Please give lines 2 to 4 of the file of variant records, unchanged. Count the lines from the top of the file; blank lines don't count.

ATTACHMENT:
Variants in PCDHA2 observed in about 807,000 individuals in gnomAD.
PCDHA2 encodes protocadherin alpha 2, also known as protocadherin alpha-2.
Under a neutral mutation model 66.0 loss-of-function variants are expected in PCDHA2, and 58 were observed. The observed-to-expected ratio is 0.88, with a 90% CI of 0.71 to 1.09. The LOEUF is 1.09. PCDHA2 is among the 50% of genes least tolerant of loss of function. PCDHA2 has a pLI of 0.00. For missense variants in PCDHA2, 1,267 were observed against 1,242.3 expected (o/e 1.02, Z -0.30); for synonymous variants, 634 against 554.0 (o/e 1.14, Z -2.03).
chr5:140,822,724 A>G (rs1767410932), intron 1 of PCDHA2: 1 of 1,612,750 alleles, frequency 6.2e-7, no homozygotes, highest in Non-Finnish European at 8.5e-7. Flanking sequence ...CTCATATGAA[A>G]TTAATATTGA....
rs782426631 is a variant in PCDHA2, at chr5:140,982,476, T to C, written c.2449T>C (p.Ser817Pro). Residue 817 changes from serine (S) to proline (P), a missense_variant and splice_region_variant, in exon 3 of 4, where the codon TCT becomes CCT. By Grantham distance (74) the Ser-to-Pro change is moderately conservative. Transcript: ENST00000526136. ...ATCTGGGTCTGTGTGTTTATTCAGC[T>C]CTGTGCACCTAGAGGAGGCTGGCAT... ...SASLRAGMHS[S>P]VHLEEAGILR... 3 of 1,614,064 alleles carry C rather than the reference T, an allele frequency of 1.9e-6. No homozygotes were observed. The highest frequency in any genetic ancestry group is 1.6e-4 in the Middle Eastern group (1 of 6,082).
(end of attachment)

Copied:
PCDHA2 encodes protocadherin alpha 2, also known as protocadherin alpha-2.
Under a neutral mutation model 66.0 loss-of-function variants are expected in PCDHA2, and 58 were observed. The observed-to-expected ratio is 0.88, with a 90% CI of 0.71 to 1.09. The LOEUF is 1.09. PCDHA2 is among the 50% of genes least tolerant of loss of function. PCDHA2 has a pLI of 0.00. For missense variants in PCDHA2, 1,267 were observed against 1,242.3 expected (o/e 1.02, Z -0.30); for synonymous variants, 634 against 554.0 (o/e 1.14, Z -2.03).
chr5:140,822,724 A>G (rs1767410932), intron 1 of PCDHA2: 1 of 1,612,750 alleles, frequency 6.2e-7, no homozygotes, highest in Non-Finnish European at 8.5e-7. Flanking sequence ...CTCATATGAA[A>G]TTAATATTGA....